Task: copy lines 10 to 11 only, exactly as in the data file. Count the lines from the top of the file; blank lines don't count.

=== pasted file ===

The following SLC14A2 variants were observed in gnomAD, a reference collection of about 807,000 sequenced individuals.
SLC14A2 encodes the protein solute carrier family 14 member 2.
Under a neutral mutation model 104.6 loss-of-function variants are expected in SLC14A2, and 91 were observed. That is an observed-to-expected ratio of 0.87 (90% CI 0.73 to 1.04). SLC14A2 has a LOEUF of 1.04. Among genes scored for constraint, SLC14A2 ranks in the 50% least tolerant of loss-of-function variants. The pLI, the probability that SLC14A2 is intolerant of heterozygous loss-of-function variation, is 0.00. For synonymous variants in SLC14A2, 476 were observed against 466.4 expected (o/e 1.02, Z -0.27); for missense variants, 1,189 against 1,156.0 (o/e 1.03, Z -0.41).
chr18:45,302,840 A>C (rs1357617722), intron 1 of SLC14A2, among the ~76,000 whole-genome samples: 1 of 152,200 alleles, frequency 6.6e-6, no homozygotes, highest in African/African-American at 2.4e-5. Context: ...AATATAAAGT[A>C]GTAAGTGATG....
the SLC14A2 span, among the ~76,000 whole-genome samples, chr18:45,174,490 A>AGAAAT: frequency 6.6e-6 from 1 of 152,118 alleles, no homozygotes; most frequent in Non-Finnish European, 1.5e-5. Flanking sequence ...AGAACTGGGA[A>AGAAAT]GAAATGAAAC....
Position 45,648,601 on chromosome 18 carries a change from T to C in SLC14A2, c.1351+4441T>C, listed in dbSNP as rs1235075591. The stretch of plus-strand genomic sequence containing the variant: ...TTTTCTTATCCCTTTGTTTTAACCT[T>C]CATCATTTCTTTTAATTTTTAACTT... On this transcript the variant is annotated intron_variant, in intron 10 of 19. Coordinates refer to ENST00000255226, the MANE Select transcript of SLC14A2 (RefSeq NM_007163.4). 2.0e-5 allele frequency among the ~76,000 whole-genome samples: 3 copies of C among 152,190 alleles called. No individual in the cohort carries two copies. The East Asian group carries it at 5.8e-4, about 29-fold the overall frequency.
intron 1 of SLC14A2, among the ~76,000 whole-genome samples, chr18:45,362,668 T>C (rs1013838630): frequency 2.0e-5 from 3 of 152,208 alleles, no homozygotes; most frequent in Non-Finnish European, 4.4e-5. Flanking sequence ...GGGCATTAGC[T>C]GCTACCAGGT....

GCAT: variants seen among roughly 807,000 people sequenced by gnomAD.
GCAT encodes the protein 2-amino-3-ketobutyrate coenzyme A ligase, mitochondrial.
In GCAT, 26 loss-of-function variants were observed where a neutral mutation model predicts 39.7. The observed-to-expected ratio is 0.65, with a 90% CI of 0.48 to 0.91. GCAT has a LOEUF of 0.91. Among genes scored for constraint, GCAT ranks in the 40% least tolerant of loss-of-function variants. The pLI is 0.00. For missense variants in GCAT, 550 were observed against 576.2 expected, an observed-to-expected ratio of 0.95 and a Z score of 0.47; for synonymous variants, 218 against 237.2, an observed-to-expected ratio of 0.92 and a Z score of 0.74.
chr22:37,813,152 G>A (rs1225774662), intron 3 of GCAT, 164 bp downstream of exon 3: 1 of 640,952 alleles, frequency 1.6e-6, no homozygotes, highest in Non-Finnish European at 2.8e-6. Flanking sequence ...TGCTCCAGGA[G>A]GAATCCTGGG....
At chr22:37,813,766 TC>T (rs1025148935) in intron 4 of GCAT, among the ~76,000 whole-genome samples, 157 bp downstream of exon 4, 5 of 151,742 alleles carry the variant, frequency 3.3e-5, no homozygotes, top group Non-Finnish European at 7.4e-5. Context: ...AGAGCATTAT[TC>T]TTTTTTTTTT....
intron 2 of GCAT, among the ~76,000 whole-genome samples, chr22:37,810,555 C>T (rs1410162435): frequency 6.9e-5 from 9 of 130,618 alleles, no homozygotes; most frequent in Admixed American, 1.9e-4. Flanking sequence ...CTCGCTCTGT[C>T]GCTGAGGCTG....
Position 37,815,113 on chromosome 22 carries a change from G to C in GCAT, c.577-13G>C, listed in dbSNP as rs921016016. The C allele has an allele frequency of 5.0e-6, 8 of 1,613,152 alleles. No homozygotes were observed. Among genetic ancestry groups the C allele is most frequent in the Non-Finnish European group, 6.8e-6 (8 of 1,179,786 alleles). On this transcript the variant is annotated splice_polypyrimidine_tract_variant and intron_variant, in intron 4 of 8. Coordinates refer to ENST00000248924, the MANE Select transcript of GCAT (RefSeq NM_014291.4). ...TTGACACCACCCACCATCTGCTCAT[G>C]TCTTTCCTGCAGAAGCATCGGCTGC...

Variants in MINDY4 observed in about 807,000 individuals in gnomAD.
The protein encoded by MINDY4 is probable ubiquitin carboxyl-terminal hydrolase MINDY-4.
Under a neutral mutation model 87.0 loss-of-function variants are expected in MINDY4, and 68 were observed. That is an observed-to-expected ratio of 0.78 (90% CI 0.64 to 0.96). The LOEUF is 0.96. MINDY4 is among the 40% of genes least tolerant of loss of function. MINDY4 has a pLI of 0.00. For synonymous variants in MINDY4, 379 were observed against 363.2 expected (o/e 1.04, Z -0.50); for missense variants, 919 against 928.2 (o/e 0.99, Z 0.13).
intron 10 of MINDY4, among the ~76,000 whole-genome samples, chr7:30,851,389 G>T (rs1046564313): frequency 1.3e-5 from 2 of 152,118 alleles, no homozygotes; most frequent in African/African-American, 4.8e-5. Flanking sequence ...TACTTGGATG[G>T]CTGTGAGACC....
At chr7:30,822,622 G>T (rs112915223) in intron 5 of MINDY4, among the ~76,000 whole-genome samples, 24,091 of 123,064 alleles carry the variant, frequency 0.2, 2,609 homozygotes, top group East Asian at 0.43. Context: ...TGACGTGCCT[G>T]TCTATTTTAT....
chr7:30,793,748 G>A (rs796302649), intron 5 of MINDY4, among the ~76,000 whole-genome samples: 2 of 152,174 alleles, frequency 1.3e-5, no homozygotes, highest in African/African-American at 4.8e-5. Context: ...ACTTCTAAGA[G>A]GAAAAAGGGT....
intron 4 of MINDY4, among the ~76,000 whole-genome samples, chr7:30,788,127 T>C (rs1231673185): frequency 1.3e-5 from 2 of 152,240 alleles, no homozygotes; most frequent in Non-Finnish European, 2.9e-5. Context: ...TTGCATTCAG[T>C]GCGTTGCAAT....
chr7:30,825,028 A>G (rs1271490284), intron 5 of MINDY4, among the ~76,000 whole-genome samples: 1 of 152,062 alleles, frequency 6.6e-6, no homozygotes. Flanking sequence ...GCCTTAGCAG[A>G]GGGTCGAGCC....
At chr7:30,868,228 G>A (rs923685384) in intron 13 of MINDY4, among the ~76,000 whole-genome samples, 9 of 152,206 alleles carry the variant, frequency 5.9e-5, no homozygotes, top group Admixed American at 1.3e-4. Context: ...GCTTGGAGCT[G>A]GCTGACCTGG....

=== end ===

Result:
In GCAT, 26 loss-of-function variants were observed where a neutral mutation model predicts 39.7. The observed-to-expected ratio is 0.65, with a 90% CI of 0.48 to 0.91. GCAT has a LOEUF of 0.91. Among genes scored for constraint, GCAT ranks in the 40% least tolerant of loss-of-function variants. The pLI is 0.00. For missense variants in GCAT, 550 were observed against 576.2 expected, an observed-to-expected ratio of 0.95 and a Z score of 0.47; for synonymous variants, 218 against 237.2, an observed-to-expected ratio of 0.92 and a Z score of 0.74.
chr22:37,813,152 G>A (rs1225774662), intron 3 of GCAT, 164 bp downstream of exon 3: 1 of 640,952 alleles, frequency 1.6e-6, no homozygotes, highest in Non-Finnish European at 2.8e-6. Flanking sequence ...TGCTCCAGGA[G>A]GAATCCTGGG....